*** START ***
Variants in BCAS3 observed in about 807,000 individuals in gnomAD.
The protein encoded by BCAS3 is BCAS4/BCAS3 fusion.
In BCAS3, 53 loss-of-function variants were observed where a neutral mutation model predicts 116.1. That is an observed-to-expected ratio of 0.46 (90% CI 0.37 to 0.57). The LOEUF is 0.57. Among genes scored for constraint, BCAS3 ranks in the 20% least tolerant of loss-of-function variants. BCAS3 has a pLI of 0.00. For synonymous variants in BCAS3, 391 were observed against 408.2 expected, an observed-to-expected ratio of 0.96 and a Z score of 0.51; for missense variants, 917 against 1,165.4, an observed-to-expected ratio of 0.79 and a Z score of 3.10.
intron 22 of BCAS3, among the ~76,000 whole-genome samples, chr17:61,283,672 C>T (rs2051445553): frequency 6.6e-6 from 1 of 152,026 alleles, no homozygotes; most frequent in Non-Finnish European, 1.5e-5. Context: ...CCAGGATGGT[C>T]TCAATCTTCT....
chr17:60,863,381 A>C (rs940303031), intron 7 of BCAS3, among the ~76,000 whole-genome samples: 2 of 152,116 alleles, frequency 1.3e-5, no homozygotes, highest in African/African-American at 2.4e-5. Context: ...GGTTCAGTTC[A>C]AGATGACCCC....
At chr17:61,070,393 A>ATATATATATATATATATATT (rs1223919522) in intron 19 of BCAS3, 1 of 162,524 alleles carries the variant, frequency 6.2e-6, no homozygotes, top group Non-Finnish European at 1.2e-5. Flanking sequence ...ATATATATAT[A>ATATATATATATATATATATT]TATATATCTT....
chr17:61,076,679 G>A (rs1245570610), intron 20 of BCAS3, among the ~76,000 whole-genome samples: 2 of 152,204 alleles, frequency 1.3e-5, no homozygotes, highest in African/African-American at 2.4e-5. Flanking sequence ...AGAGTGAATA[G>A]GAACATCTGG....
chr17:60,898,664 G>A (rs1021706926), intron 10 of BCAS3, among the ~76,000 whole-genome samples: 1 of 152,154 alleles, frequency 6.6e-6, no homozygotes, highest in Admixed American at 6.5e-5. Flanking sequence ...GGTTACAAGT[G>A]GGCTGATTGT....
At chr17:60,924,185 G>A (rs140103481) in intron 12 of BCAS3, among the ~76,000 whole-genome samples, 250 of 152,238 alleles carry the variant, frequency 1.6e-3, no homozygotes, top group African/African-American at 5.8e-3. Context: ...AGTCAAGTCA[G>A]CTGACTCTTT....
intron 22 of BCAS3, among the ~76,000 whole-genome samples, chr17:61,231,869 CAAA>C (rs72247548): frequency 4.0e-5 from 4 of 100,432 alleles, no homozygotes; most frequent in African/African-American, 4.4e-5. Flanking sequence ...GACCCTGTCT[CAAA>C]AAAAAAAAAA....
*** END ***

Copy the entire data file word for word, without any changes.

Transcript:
Variants in BCAS3 observed in about 807,000 individuals in gnomAD.
The protein encoded by BCAS3 is BCAS4/BCAS3 fusion.
In BCAS3, 53 loss-of-function variants were observed where a neutral mutation model predicts 116.1. That is an observed-to-expected ratio of 0.46 (90% CI 0.37 to 0.57). The LOEUF is 0.57. Among genes scored for constraint, BCAS3 ranks in the 20% least tolerant of loss-of-function variants. BCAS3 has a pLI of 0.00. For synonymous variants in BCAS3, 391 were observed against 408.2 expected, an observed-to-expected ratio of 0.96 and a Z score of 0.51; for missense variants, 917 against 1,165.4, an observed-to-expected ratio of 0.79 and a Z score of 3.10.
intron 22 of BCAS3, among the ~76,000 whole-genome samples, chr17:61,283,672 C>T (rs2051445553): frequency 6.6e-6 from 1 of 152,026 alleles, no homozygotes; most frequent in Non-Finnish European, 1.5e-5. Context: ...CCAGGATGGT[C>T]TCAATCTTCT....
chr17:60,863,381 A>C (rs940303031), intron 7 of BCAS3, among the ~76,000 whole-genome samples: 2 of 152,116 alleles, frequency 1.3e-5, no homozygotes, highest in African/African-American at 2.4e-5. Context: ...GGTTCAGTTC[A>C]AGATGACCCC....
At chr17:61,070,393 A>ATATATATATATATATATATT (rs1223919522) in intron 19 of BCAS3, 1 of 162,524 alleles carries the variant, frequency 6.2e-6, no homozygotes, top group Non-Finnish European at 1.2e-5. Flanking sequence ...ATATATATAT[A>ATATATATATATATATATATT]TATATATCTT....
chr17:61,076,679 G>A (rs1245570610), intron 20 of BCAS3, among the ~76,000 whole-genome samples: 2 of 152,204 alleles, frequency 1.3e-5, no homozygotes, highest in African/African-American at 2.4e-5. Flanking sequence ...AGAGTGAATA[G>A]GAACATCTGG....
chr17:60,898,664 G>A (rs1021706926), intron 10 of BCAS3, among the ~76,000 whole-genome samples: 1 of 152,154 alleles, frequency 6.6e-6, no homozygotes, highest in Admixed American at 6.5e-5. Flanking sequence ...GGTTACAAGT[G>A]GGCTGATTGT....
At chr17:60,924,185 G>A (rs140103481) in intron 12 of BCAS3, among the ~76,000 whole-genome samples, 250 of 152,238 alleles carry the variant, frequency 1.6e-3, no homozygotes, top group African/African-American at 5.8e-3. Context: ...AGTCAAGTCA[G>A]CTGACTCTTT....
intron 22 of BCAS3, among the ~76,000 whole-genome samples, chr17:61,231,869 CAAA>C (rs72247548): frequency 4.0e-5 from 4 of 100,432 alleles, no homozygotes; most frequent in African/African-American, 4.4e-5. Flanking sequence ...GACCCTGTCT[CAAA>C]AAAAAAAAAA....